Abstract 177: Pharmacological Inhibition of Plasminogen Activator Inhibitor-1 Attenuates Intima Hyperplasia in Vein Grafts
Background. Veins structurally and functionally remodel after being grafted into the arterial circulation. Many factors regulate vein graft (VG) remodeling, but the overall process is not adequately understood. We reported previously that genetic deficiency of plasminogen activator inhibitor-1 (PAI-1) enhances intimal hyperplasia (IH) of murine VGs. However, the effects of pharmacological inhibition of PAI-1 on VG remodeling are unknown.
Methods and Results. We studied the effects of PAI-039, a small molecule that specifically inhibits free PAI-1, but not vitronectin (VN)-bound PAI-1, on VG remodeling. A segment of vena cava from a donor C57BL/6J mouse was inserted into the right carotid artery of a recipient mouse. Two groups were studied: 1) PAI-039 group, n=8; VG was coated with pluronic gel (50 μL) containing PAI-039 (25 μg/mL) during surgery; after surgery mice received PAI-039 (44 ug/kg by intraperitoneal [IP] injection) every other day for 3 weeks. 2) control group, n=8; mice received identical treatment, except that PAI-039 was omitted from pluronic gel and IP injection buffer. Four weeks later, mean intimal thickness and area were significantly less in PAI-039 treated mice than in controls (41.5±7.7 vs. 84.2±21.4 μm, and 0.17±0.044 vs. 0.34± 0.10 mm2, respectively, P<0.05). We also studied the effects of PAI-039 on proliferation of cultured venous smooth muscle cells (VSMC). PAI-039 (25 μM) significantly inhibited VSMC proliferation compared to vehicle control (0.65±0.073 vs. 0.82±0.078 AU [MTT assay], P<0.01).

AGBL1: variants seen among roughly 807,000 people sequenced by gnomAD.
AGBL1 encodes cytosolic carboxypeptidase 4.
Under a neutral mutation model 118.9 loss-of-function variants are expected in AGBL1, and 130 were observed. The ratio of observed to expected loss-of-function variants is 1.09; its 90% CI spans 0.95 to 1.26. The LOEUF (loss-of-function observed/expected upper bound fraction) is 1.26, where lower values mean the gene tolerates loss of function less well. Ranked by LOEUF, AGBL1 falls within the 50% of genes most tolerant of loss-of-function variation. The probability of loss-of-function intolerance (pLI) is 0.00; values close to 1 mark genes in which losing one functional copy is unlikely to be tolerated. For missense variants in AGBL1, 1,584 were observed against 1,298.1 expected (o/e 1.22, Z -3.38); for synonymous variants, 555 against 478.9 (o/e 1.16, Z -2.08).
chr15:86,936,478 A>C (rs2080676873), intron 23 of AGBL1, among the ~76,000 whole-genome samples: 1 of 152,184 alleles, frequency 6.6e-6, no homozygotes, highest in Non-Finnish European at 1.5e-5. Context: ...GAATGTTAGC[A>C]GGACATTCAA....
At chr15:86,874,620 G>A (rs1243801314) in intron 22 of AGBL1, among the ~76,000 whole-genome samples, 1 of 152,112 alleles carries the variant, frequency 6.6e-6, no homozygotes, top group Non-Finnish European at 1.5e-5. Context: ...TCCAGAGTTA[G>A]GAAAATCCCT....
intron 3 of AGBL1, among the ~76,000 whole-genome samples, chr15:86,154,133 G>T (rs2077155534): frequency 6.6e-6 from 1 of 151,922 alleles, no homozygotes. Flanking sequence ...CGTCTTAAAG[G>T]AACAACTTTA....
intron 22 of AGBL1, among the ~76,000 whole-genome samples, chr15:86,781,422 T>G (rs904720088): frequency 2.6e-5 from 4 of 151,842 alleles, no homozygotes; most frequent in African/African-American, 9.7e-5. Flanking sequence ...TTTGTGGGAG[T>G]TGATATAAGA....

Conclusion. PAI-039, a specific pharmacological PAI-1inhibitor, inhibits neointima formation in VGs. This finding contrasts with our previously reported data indicating that genetic PAI-1 deficiency promotes VG IH. This paradox is most likely explained by the pleiotropic actions of PAI-1 and the capacity of PAI-039 to inhibit free PAI-1, which is motogenic, but not VN-bound PAI-1, which inhibits SMC migration. Regardless of mechanism, our results suggest that pharmacological PAI-1 inhibition may be a useful strategy to inhibit adverse VG remodeling and emphasize that mouse knock-out models do not necessarily predict the biological impact of pharmacological inhibitors.
- © 2013 by American Heart Association, Inc.